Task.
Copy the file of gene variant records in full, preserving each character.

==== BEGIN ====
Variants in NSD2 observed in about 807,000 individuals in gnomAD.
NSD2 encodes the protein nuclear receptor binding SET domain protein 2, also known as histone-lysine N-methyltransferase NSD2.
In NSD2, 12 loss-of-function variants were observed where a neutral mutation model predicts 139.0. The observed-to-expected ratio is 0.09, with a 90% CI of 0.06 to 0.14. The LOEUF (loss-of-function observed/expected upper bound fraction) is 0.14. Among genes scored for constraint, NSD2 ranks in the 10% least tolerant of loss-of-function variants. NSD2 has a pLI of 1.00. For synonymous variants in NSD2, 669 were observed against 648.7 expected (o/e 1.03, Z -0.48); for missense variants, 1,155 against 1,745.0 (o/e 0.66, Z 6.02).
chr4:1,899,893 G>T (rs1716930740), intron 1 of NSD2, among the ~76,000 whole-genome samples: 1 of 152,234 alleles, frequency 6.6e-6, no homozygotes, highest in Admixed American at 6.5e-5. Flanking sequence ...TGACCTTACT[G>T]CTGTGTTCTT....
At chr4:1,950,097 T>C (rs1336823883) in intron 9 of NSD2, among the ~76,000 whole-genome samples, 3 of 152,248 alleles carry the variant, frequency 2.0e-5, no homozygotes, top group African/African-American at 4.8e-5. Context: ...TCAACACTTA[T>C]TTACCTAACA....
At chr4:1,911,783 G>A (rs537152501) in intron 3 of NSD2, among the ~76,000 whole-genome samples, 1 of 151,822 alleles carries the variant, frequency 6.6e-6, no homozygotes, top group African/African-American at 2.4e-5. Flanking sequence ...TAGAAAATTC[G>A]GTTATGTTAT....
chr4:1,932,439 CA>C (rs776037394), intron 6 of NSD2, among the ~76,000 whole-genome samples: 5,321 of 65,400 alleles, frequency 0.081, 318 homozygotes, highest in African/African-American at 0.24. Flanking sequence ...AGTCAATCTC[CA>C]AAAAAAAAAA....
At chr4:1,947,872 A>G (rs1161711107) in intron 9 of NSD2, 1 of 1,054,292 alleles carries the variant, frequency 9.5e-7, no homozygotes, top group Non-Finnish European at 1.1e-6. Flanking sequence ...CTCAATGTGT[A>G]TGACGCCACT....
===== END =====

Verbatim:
Variants in NSD2 observed in about 807,000 individuals in gnomAD.
NSD2 encodes the protein nuclear receptor binding SET domain protein 2, also known as histone-lysine N-methyltransferase NSD2.
In NSD2, 12 loss-of-function variants were observed where a neutral mutation model predicts 139.0. The observed-to-expected ratio is 0.09, with a 90% CI of 0.06 to 0.14. The LOEUF (loss-of-function observed/expected upper bound fraction) is 0.14. Among genes scored for constraint, NSD2 ranks in the 10% least tolerant of loss-of-function variants. NSD2 has a pLI of 1.00. For synonymous variants in NSD2, 669 were observed against 648.7 expected (o/e 1.03, Z -0.48); for missense variants, 1,155 against 1,745.0 (o/e 0.66, Z 6.02).
chr4:1,899,893 G>T (rs1716930740), intron 1 of NSD2, among the ~76,000 whole-genome samples: 1 of 152,234 alleles, frequency 6.6e-6, no homozygotes, highest in Admixed American at 6.5e-5. Flanking sequence ...TGACCTTACT[G>T]CTGTGTTCTT....
At chr4:1,950,097 T>C (rs1336823883) in intron 9 of NSD2, among the ~76,000 whole-genome samples, 3 of 152,248 alleles carry the variant, frequency 2.0e-5, no homozygotes, top group African/African-American at 4.8e-5. Context: ...TCAACACTTA[T>C]TTACCTAACA....
At chr4:1,911,783 G>A (rs537152501) in intron 3 of NSD2, among the ~76,000 whole-genome samples, 1 of 151,822 alleles carries the variant, frequency 6.6e-6, no homozygotes, top group African/African-American at 2.4e-5. Flanking sequence ...TAGAAAATTC[G>A]GTTATGTTAT....
chr4:1,932,439 CA>C (rs776037394), intron 6 of NSD2, among the ~76,000 whole-genome samples: 5,321 of 65,400 alleles, frequency 0.081, 318 homozygotes, highest in African/African-American at 0.24. Flanking sequence ...AGTCAATCTC[CA>C]AAAAAAAAAA....
At chr4:1,947,872 A>G (rs1161711107) in intron 9 of NSD2, 1 of 1,054,292 alleles carries the variant, frequency 9.5e-7, no homozygotes, top group Non-Finnish European at 1.1e-6. Flanking sequence ...CTCAATGTGT[A>G]TGACGCCACT....